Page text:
Enhanced charitable contribution deductions. The following enhanced charitable contribution rules will not apply to contributions made after Dec. 31, 2011:
... C corporation's enhanced charitable contribution deduction equal to the lesser of (a) basis plus half of the property's appreciation, or (b) twice the property's basis, for contributions of food inventory that is apparently wholesome food, i.e., meant for human consumption and meeting certain quality and labeling standards. The enhanced contribution is also available for a taxpayer other than a C corporation, but the aggregate amount of contributions of apparently wholesome food that may be taken into account for the tax year can't exceed 10% of the taxpayer's aggregate net income for that tax year from all trades or businesses from which those contributions were made for that tax year. ( Code Sec. 170(e)(3)(C)(iv) )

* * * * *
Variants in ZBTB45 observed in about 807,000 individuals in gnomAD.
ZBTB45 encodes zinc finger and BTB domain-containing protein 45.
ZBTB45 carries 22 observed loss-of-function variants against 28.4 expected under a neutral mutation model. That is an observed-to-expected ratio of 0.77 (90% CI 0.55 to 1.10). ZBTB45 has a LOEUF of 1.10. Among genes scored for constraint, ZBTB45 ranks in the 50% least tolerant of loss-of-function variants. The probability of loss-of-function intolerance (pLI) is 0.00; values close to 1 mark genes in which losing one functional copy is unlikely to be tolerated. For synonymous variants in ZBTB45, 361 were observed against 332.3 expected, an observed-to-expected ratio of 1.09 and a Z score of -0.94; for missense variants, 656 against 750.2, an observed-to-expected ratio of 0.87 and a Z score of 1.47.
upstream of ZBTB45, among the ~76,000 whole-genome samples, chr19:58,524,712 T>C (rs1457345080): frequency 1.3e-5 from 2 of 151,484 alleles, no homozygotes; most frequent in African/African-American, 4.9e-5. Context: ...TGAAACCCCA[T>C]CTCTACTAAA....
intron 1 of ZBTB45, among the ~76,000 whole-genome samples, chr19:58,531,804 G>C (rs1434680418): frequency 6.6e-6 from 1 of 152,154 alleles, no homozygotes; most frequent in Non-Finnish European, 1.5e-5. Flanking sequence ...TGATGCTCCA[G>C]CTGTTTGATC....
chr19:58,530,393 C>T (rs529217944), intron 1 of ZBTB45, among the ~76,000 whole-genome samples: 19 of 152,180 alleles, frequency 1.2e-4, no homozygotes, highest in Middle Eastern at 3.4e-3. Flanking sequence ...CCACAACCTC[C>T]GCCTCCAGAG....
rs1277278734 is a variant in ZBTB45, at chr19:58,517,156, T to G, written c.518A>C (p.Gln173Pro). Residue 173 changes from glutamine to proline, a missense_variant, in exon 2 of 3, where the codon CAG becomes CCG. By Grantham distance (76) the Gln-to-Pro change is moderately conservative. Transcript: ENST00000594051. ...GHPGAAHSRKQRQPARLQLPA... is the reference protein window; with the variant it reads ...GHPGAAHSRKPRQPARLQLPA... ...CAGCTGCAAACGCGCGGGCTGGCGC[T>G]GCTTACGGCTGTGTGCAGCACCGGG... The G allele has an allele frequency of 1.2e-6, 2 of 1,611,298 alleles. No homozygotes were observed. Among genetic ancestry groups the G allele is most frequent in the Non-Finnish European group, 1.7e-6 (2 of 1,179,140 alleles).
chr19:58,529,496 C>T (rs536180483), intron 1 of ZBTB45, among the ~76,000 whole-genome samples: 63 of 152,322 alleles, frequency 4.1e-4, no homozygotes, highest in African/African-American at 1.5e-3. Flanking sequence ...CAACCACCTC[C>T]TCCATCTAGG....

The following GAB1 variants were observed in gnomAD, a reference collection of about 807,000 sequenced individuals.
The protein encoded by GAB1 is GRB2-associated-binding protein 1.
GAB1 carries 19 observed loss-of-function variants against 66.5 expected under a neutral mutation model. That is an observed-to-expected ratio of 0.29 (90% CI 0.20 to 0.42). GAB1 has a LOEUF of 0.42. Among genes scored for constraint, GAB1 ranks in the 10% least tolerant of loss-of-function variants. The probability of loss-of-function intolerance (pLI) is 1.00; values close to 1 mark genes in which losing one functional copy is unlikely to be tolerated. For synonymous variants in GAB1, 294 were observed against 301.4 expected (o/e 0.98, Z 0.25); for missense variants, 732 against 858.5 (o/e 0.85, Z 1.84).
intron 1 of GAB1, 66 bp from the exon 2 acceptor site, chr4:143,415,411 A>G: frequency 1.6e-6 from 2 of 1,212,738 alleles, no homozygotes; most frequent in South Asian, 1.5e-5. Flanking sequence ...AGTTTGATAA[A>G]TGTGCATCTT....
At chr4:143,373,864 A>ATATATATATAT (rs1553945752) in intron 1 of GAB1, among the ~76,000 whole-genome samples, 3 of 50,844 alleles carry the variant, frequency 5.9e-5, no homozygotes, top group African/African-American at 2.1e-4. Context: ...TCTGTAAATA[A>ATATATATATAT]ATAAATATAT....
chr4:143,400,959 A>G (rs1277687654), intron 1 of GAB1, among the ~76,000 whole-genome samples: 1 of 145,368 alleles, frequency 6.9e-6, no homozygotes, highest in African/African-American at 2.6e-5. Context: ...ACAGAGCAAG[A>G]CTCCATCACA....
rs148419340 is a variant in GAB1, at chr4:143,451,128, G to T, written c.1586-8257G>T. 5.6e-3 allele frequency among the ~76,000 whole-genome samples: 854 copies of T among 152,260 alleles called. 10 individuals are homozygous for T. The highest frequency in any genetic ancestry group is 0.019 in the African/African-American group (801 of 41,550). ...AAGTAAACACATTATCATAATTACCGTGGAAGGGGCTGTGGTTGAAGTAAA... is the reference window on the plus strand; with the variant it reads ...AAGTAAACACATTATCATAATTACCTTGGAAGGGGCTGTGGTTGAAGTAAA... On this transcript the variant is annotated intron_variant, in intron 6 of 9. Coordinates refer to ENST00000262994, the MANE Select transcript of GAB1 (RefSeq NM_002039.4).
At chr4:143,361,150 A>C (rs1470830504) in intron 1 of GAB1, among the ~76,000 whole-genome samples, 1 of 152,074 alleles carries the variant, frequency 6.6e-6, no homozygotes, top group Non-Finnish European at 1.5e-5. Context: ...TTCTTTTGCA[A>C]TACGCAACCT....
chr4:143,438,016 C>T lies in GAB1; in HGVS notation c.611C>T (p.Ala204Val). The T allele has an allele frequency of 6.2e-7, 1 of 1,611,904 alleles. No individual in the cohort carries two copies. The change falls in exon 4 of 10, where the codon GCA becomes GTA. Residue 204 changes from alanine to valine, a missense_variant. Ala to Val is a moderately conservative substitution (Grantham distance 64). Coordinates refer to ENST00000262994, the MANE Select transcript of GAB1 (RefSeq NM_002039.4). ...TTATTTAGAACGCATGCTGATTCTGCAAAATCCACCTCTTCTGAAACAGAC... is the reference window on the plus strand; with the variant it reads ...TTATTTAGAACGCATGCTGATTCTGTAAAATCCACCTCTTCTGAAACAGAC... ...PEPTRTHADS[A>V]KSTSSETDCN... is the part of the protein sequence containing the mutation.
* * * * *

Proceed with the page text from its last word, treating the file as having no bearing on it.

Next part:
... C corporation's enhanced charitable contribution deduction equal to the lesser of (a) basis plus half of the property's appreciation, or (b) twice the property's basis, for qualified contributions of book inventory to certain public schools if certain donee certification requirements are met.
Code Sec. 170(e)(3)(D)(iv) )
... C corporation's enhanced charitable contribution deduction equal to the lesser of (a) basis plus half of the property's appreciation, or (b) twice the property's basis, for certain contributions of computer technology or equipment (software, computer or peripheral equipment, and fiber optic cable) to schools or libraries for use in the U.S. for educational purposes that are related to the donee's purpose or function. ( Code Sec. 170(e)(6)(G) )